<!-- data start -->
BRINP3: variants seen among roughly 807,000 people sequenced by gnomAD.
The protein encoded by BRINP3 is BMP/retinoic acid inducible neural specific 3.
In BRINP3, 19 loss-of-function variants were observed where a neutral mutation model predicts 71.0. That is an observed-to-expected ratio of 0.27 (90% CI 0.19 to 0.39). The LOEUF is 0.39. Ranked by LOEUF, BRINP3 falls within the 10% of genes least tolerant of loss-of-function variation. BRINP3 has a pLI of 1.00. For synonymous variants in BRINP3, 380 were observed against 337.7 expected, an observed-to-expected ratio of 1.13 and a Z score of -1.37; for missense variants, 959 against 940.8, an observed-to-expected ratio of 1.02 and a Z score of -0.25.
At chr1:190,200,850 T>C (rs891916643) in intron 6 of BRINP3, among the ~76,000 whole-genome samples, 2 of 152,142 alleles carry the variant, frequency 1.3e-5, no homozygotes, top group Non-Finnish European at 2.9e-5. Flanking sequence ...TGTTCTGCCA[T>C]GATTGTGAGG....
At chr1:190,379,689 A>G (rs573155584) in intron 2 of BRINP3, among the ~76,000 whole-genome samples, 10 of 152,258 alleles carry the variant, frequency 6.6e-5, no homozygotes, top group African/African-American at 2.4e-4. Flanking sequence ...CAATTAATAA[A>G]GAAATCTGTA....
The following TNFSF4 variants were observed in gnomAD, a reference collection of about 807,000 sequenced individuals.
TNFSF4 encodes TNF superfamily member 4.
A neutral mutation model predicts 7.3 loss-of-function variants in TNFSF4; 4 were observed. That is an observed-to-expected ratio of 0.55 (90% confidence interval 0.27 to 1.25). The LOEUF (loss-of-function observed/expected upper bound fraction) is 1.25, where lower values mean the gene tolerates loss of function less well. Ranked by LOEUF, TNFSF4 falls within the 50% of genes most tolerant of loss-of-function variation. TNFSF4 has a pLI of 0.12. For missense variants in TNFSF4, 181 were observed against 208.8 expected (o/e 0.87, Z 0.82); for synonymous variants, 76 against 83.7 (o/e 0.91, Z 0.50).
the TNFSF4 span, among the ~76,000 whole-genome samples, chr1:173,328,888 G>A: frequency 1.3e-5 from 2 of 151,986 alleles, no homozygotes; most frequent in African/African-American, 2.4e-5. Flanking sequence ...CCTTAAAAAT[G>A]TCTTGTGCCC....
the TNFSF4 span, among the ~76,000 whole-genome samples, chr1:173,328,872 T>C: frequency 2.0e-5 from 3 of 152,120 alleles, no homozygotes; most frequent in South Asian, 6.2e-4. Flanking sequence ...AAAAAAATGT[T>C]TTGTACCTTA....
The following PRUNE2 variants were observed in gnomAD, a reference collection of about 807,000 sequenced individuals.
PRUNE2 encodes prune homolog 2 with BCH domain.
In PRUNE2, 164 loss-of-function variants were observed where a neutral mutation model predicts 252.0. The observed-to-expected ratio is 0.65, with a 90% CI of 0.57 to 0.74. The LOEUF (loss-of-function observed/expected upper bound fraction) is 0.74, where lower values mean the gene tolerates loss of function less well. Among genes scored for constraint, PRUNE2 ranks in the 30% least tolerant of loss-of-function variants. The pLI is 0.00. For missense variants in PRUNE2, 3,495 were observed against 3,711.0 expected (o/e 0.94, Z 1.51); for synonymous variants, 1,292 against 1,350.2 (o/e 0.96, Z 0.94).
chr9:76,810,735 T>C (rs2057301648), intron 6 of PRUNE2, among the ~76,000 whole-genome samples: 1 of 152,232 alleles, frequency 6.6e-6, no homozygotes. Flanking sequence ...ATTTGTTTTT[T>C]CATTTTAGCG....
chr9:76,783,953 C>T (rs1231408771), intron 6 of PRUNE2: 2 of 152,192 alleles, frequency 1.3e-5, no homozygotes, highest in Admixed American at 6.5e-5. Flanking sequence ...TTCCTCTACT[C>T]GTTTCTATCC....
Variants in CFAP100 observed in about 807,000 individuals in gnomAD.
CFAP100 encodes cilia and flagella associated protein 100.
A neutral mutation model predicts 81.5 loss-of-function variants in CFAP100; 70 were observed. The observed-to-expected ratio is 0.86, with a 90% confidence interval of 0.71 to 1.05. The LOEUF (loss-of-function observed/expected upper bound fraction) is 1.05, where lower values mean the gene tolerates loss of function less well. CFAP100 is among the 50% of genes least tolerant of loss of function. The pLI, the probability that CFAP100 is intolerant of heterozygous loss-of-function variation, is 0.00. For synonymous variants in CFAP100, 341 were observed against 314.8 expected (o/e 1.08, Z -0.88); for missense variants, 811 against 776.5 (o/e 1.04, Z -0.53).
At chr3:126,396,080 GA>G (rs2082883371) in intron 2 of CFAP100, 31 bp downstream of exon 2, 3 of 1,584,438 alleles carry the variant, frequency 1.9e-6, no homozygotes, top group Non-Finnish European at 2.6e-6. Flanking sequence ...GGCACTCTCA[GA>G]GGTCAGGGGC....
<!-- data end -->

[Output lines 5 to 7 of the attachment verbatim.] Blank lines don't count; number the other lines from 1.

At chr1:190,379,689 A>G (rs573155584) in intron 2 of BRINP3, among the ~76,000 whole-genome samples, 10 of 152,258 alleles carry the variant, frequency 6.6e-5, no homozygotes, top group African/African-American at 2.4e-4. Flanking sequence ...CAATTAATAA[A>G]GAAATCTGTA....
The following TNFSF4 variants were observed in gnomAD, a reference collection of about 807,000 sequenced individuals.
TNFSF4 encodes TNF superfamily member 4.